He said the party’s platform has improved from when he ran as a candidate in 2014, when the NDP ran on an austere platform that called for the establishment of a “Ministry of Savings,” allowing it to be outflanked on the left by the Liberals. The Ontario NDP’s turn to the economic right foreshadowed the following year’s federal election. In 2015, Thomas Mulcair’s federal NDP was leading in the polls until the leader promised balanced budgets and was subsequently trounced by Trudeau’s Liberals, who attacked the NDP for their “austerity” platform.
In 2022, the Ontario NDP offered a bolder policy agenda, including a promise to raise Ontario Disability Support Program benefits and abolish private long-term care.
But those policies were presented more as a grab bag of proposals and not as part of a cohesive vision for the province.
“I don’t feel like we were trying to articulate a sort of totalistic vision for what Ontario should be. We were trying out tested messages that were supposed to be effective according to research the party had done,” Krauter said.
Poisoning the grassroots, ignoring the majority
If the party was unable to get its voters to show up to the polls, at least part of that was due to a lack of energy among its most dedicated grassroots supporters. Some of those supporters have been raising their voices in the wake of a second Ford majority.
Jessa McLean, the president of the York-Simcoe NDP riding association federally and provincially, invited others to air their frustrations on Twitter in the wake of the party’s defeat.
“From an insider’s perspective, what went wrong is just the general disdain and marginalization of the grassroots who we inevitably rely on to do the work for elections,” she said, criticizing the “authoritarian rule” of Balagus, as well as party executive director Lucy Watson.
A long-time party fixer and a key player in Manitoba NDP governments that implemented neoliberal economic policies, Balagus attracted the ire of party activists early on. In 2018, he was suspended for allegedly ignoring sexual harassment complaints in his Manitoba Chief of Staff role, but was then reinstated in time for the 2018 Ontario election.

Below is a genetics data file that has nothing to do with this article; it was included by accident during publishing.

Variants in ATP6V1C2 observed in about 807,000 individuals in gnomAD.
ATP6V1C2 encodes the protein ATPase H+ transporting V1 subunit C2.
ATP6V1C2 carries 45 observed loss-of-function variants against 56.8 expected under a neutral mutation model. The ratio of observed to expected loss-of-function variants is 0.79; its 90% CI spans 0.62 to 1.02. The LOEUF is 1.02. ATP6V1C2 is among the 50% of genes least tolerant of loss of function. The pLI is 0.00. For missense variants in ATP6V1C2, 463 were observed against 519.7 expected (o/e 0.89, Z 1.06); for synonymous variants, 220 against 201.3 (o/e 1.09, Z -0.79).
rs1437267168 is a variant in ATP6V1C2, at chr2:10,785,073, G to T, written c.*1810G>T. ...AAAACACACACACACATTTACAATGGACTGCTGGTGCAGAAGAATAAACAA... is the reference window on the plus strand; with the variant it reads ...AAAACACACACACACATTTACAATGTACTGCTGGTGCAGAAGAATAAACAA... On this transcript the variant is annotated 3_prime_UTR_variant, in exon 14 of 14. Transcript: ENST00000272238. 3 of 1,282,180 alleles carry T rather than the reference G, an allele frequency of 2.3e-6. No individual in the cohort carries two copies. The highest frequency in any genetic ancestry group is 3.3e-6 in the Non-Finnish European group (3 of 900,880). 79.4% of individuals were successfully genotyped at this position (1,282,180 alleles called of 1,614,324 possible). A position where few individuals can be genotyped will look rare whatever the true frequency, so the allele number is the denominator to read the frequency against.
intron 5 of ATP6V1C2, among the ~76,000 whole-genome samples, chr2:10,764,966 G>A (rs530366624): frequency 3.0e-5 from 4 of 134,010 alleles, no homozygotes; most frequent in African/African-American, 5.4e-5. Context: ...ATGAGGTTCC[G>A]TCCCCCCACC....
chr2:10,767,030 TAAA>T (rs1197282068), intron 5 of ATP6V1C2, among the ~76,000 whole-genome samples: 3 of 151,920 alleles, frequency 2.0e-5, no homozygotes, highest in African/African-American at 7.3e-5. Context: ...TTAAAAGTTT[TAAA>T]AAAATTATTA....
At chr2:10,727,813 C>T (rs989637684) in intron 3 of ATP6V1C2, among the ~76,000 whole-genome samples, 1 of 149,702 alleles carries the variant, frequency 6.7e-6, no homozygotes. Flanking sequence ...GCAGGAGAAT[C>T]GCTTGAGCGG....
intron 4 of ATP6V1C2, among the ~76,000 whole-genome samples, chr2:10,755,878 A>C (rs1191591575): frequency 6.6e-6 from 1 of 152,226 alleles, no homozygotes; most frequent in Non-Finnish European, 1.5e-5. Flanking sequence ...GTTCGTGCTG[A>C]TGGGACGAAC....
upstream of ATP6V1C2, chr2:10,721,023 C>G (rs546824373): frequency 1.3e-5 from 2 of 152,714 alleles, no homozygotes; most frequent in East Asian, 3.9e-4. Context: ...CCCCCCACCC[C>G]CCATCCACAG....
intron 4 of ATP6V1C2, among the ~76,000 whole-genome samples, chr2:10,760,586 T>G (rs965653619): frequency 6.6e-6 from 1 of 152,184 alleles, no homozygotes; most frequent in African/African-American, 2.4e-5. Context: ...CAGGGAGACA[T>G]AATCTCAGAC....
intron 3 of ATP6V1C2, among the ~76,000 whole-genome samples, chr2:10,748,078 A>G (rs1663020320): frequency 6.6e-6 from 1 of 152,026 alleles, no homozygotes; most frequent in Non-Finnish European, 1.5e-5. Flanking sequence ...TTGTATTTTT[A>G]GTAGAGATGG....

Kevin Yarde, said McLean, was just one of the candidates who was effectively pushed out by the party. Party-backed candidates were imposed on a number of ridings, demotivating party activists. Complaints about mistreatment, according to McLean, were fielded by the very people the complaints were about.
“It wasn’t just mismanagement, it was malicious,” said McLean. “Some party activists didn’t even vote NDP this time around.”
The party’s strategy of appealing to temporarily disaffected Liberal and Conservative voters ignores what McLean sees as a more robust strategy.
“We haven’t gone after the 60 per cent of people who don’t vote.”
“Our party hasn’t taken the approach of being inspiring, being bold, or creating policies that will lift people out of poverty,” McLean said.
Cautious optimism and deflating pessimism
Ian Borsuk, who is the president of the NDP’s Hamilton Centre federal riding association but has been involved in the provincial party as a volunteer for the past several elections, characterizes his experience with the party over the past four years as “cautious optimism along with some pretty deflating pessimism.”
Borsuk praised the party’s Green New Democratic Deal, its promise to restore the 50 per cent of operational transit funding to municipalities that was axed by former PC premier Mike Harris, and although belated, its vow to double disability support payments. But Borsuk said the party was hamstrung by an overbearing central command that put its weight on the scales for its favoured candidates.
“The overwhelming feeling and the real perspective I’ve had is that despite having such a great platform, in a lot of ways, there just really wasn’t a comprehensive plan or idea of how to communicate that to the base in a way that actually motivated volunteers,” he said, echoing Krauter and McLean.
Another term with Ford in power will have a detrimental material impact on vulnerable Ontarians, Borsuk said.
“These next four years are going to be brutal. It’s going to be a complete disaster for environmental issues, for social issues, for economic issues, and people are mad about that,” he said.
“It really seems like there’s kind of a central base of the party that more or less controls everything and seems to have very different priorities than the folks on the ground who need the ONDP to win, unfortunately.”
It’s encouraging, Borsuk said, that Balagus and other members of Horwath’s inner circle who were responsible for her doomed strategy are leaving. But he questions why Balagus is staying on for another few months.
Those who ultimately replace Horwath’s people must acknowledge the mistakes that were made.
“I volunteer with the NDP because I want to win and I want to see these policies implemented,” Borsuk said. “There have been a number of elections with Andrea Horwath as leader, where we have had different levels of success.”
But the problems of centralized control, difficulty communicating progressive platforms, and a demobilized grassroots suggest the problems run deeper than the current leadership.
“I think it goes well beyond just Andrea.”